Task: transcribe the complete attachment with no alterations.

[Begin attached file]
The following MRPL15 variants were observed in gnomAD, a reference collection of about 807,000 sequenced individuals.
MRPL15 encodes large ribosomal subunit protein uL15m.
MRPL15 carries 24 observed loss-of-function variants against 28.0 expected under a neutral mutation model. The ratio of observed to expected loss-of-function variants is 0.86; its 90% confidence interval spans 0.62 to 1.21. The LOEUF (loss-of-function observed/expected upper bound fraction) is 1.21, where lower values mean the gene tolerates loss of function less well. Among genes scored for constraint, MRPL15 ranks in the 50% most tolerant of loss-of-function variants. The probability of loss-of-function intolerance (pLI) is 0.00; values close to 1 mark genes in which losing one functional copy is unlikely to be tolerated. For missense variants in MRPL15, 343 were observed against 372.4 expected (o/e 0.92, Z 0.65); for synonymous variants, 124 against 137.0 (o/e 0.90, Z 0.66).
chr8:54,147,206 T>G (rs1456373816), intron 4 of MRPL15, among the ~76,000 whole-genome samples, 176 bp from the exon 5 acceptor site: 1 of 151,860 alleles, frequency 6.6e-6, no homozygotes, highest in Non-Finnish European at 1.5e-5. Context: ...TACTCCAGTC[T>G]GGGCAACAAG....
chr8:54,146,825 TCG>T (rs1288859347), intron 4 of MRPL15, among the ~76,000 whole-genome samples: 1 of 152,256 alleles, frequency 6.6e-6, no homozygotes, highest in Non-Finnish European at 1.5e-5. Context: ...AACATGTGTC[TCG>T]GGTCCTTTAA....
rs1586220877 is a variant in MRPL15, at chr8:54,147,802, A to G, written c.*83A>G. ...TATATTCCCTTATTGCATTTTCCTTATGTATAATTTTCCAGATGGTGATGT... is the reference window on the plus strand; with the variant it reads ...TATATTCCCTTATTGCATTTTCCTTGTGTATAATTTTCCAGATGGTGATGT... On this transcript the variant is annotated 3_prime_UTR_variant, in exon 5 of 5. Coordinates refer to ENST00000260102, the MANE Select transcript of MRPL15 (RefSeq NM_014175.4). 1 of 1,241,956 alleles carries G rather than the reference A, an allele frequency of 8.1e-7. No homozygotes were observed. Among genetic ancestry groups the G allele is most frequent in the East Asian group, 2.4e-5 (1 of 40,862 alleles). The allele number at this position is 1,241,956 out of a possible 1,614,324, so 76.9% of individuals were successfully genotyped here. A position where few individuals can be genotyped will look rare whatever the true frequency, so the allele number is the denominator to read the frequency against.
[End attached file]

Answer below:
The following MRPL15 variants were observed in gnomAD, a reference collection of about 807,000 sequenced individuals.
MRPL15 encodes large ribosomal subunit protein uL15m.
MRPL15 carries 24 observed loss-of-function variants against 28.0 expected under a neutral mutation model. The ratio of observed to expected loss-of-function variants is 0.86; its 90% confidence interval spans 0.62 to 1.21. The LOEUF (loss-of-function observed/expected upper bound fraction) is 1.21, where lower values mean the gene tolerates loss of function less well. Among genes scored for constraint, MRPL15 ranks in the 50% most tolerant of loss-of-function variants. The probability of loss-of-function intolerance (pLI) is 0.00; values close to 1 mark genes in which losing one functional copy is unlikely to be tolerated. For missense variants in MRPL15, 343 were observed against 372.4 expected (o/e 0.92, Z 0.65); for synonymous variants, 124 against 137.0 (o/e 0.90, Z 0.66).
chr8:54,147,206 T>G (rs1456373816), intron 4 of MRPL15, among the ~76,000 whole-genome samples, 176 bp from the exon 5 acceptor site: 1 of 151,860 alleles, frequency 6.6e-6, no homozygotes, highest in Non-Finnish European at 1.5e-5. Context: ...TACTCCAGTC[T>G]GGGCAACAAG....
chr8:54,146,825 TCG>T (rs1288859347), intron 4 of MRPL15, among the ~76,000 whole-genome samples: 1 of 152,256 alleles, frequency 6.6e-6, no homozygotes, highest in Non-Finnish European at 1.5e-5. Context: ...AACATGTGTC[TCG>T]GGTCCTTTAA....
rs1586220877 is a variant in MRPL15, at chr8:54,147,802, A to G, written c.*83A>G. ...TATATTCCCTTATTGCATTTTCCTTATGTATAATTTTCCAGATGGTGATGT... is the reference window on the plus strand; with the variant it reads ...TATATTCCCTTATTGCATTTTCCTTGTGTATAATTTTCCAGATGGTGATGT... On this transcript the variant is annotated 3_prime_UTR_variant, in exon 5 of 5. Coordinates refer to ENST00000260102, the MANE Select transcript of MRPL15 (RefSeq NM_014175.4). 1 of 1,241,956 alleles carries G rather than the reference A, an allele frequency of 8.1e-7. No homozygotes were observed. Among genetic ancestry groups the G allele is most frequent in the East Asian group, 2.4e-5 (1 of 40,862 alleles). The allele number at this position is 1,241,956 out of a possible 1,614,324, so 76.9% of individuals were successfully genotyped here. A position where few individuals can be genotyped will look rare whatever the true frequency, so the allele number is the denominator to read the frequency against.